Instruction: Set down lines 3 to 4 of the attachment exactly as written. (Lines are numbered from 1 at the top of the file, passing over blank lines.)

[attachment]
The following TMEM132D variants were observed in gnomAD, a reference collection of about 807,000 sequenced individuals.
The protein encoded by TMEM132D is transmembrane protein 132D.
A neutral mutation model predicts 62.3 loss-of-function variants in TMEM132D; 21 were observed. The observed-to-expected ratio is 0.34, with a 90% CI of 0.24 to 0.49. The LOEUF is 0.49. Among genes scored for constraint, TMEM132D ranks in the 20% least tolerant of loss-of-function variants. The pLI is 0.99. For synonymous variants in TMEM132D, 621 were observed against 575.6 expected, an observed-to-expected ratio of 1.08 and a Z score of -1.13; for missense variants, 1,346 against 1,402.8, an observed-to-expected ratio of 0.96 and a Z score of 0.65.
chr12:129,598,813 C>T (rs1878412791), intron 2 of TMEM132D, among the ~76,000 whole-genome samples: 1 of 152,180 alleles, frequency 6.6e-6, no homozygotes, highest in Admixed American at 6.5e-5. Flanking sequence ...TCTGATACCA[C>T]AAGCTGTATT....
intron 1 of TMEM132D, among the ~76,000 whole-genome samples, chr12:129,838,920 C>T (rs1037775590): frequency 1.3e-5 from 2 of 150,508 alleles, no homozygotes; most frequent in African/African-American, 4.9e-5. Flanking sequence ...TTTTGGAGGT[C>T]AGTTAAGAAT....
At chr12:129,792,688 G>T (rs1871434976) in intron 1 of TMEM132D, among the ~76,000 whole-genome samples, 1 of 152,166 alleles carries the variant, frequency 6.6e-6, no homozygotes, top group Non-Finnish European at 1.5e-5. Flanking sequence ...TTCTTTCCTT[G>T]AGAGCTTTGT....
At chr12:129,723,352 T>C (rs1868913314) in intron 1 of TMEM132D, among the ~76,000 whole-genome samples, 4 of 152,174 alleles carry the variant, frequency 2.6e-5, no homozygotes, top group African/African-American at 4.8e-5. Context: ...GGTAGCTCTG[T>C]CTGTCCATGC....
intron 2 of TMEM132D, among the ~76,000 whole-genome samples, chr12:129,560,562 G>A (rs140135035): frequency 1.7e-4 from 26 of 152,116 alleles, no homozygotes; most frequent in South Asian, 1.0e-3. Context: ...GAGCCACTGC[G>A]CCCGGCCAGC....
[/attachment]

A neutral mutation model predicts 62.3 loss-of-function variants in TMEM132D; 21 were observed. The observed-to-expected ratio is 0.34, with a 90% CI of 0.24 to 0.49. The LOEUF is 0.49. Among genes scored for constraint, TMEM132D ranks in the 20% least tolerant of loss-of-function variants. The pLI is 0.99. For synonymous variants in TMEM132D, 621 were observed against 575.6 expected, an observed-to-expected ratio of 1.08 and a Z score of -1.13; for missense variants, 1,346 against 1,402.8, an observed-to-expected ratio of 0.96 and a Z score of 0.65.
chr12:129,598,813 C>T (rs1878412791), intron 2 of TMEM132D, among the ~76,000 whole-genome samples: 1 of 152,180 alleles, frequency 6.6e-6, no homozygotes, highest in Admixed American at 6.5e-5. Flanking sequence ...TCTGATACCA[C>T]AAGCTGTATT....